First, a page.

It’s hard to miss this plant wherever it’s at. With its interestingly shaped leaves, this bad boy is quite the attention seeker. Thankfully, it’s equally easy to take care of—as long as you don’t give it more water and sunlight than it needs.

Look at the plant and you’ll understand exactly why this handsome fellow is called the Alocasia Stingray. With its big stingray-shaped leaves and zebra-like stems, you can bet that he’s going to be quite the eye-catcher and conversation-starter.

The Alocasia Stingray is a fairly easy plant—as long as you don’t give it more water and sunlight that it needs.


Keep these guys happy by giving them bright, indirect light or morning sun. Too little light will cause their stems to droop and light that is too harsh will burn their leaves in no time. The leaves will tilt towards the light so remember to rotate the plant regularly to avoid a lopsided plant. Do note that if you transfer them from a bright spot to a less lit space, the older leaves will likely start drooping. It will be hard to save those leaves so we’d encourage you to just go ahead and snip them off so that the plant can focus on maintaining its current leaves instead.


This fellow prefers lightly moist soil but be very careful not to overwater—they are very sensitive to overwatering. Root rot is very common for these plants as many of them are now cloned using tissue culture and therefore, the bulk of these plants have become less hardy with time. Water thoroughly only when the top 2-3 inches of the soil are dry or when the soil is about 60-70% dry.


Well-draining soil is key—use regular potting mix with some additional sphagnum peat moss to retain moisture and perlite for drainage.


Alocasia Stingrays are tropical plants and are not a fan of the cold weather. Keep them away from cold drafts (in front of the a/c is a no-no!) and well-protected indoors during summer. These boys are humidity snobs—cluster them together with other plants or use a pebble dish to increase humidity.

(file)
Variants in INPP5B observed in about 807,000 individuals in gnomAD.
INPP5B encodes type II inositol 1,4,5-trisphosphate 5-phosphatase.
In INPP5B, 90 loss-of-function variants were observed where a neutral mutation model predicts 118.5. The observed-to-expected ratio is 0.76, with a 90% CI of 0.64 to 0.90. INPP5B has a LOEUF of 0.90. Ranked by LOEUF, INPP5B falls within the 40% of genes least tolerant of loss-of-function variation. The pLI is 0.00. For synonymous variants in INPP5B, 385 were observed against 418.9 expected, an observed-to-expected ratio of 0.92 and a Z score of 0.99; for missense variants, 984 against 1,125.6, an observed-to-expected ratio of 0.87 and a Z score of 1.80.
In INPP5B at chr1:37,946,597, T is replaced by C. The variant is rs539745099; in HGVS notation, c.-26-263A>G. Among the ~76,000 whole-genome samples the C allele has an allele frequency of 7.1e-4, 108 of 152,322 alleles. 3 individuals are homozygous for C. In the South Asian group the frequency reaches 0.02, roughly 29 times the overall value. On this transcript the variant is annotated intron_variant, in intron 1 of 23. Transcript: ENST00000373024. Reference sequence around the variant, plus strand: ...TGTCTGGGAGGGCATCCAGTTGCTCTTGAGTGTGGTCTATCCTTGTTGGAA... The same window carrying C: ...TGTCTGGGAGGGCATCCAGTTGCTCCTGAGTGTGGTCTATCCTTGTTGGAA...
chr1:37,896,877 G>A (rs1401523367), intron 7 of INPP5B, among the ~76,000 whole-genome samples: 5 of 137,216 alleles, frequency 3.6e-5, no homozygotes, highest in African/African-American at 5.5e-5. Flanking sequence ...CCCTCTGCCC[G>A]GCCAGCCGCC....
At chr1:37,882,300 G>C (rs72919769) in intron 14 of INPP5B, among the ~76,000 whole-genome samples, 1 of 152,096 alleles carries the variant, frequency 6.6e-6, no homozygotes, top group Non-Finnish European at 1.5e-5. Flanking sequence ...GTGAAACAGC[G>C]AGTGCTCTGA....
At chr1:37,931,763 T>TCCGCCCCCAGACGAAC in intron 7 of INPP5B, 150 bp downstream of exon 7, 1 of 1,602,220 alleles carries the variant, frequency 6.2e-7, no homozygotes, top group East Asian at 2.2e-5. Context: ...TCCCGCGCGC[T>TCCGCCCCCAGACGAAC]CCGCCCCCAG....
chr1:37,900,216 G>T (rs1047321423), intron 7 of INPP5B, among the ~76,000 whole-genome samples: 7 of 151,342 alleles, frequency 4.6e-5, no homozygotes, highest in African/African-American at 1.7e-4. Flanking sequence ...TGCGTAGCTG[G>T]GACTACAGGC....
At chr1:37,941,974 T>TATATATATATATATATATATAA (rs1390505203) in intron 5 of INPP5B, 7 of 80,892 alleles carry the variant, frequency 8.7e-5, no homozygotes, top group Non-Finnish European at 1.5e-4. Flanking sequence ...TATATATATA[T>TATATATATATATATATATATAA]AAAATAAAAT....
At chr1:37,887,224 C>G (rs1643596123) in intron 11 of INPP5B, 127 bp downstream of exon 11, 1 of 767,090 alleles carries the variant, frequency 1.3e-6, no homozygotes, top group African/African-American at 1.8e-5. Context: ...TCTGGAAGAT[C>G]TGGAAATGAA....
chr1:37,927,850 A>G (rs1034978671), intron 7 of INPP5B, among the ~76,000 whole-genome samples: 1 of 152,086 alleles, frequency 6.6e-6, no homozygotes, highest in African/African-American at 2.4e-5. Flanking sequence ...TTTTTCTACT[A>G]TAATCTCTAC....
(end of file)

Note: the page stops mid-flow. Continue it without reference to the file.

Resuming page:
Common pests are mealy bugs, scale, aphids, and spider mites. To prevent any infestation, wipe down its leaves every 3-4 weeks with a tad of neem oil or mildly soapy water.


Don’t be expecting new leaves every couple of weeks, especially since they don’t have a lot of leaves to begin with. Slow and steady wins the race!


Feed them during growing season (warmer temperatures). Simply refer to the instructions on your fertiliser product and halve the amount of fertiliser required to reduce the risk of fertiliser burn.


Like other Alocasia plants, these bad boys grow from rhizomes in the ground. Hence, the best way to propagate them would be to lift the plant from the pot, comb out the soil carefully and divide the tubers. Each of these can be grown on its own.


Check the drainage hole(s) to see if roots are starting to outgrow its container. If you see roots, simply loosen the soil around the plant, pull it out, gently remove excess soil from its roots, place it in a slightly larger container and top it up with soil. If you don’t see roots but get a sense that the soil is tired or worn out, go ahead and repot it with fresh soil in its current pot. They should only need to be repotted once every 1-2 years.


All parts of the plant are highly toxic when consumed. Make sure to keep it away from the mouths of your furry babies and children!

What was your experience with the Stingray Alocasia? Share your story with us. If there are any plants that you’d like to learn more about, let us know. Till next time, happy planting!

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